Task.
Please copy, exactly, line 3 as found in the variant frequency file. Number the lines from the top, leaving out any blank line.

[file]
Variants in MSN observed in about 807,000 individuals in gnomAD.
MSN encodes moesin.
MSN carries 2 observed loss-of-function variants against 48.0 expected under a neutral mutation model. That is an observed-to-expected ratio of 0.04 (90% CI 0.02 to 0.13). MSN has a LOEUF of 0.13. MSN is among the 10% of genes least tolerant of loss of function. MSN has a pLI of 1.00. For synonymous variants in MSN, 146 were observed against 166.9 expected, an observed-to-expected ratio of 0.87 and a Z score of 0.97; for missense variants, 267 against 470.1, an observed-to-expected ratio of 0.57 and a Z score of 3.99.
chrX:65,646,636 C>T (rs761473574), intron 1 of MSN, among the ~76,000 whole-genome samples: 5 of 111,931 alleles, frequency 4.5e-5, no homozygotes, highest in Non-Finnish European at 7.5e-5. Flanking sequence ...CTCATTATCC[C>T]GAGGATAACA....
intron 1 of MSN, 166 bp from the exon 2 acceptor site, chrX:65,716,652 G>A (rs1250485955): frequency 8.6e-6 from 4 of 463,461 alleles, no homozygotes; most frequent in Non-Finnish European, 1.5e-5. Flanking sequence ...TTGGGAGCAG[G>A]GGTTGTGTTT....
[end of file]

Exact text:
MSN carries 2 observed loss-of-function variants against 48.0 expected under a neutral mutation model. That is an observed-to-expected ratio of 0.04 (90% CI 0.02 to 0.13). MSN has a LOEUF of 0.13. MSN is among the 10% of genes least tolerant of loss of function. MSN has a pLI of 1.00. For synonymous variants in MSN, 146 were observed against 166.9 expected, an observed-to-expected ratio of 0.87 and a Z score of 0.97; for missense variants, 267 against 470.1, an observed-to-expected ratio of 0.57 and a Z score of 3.99.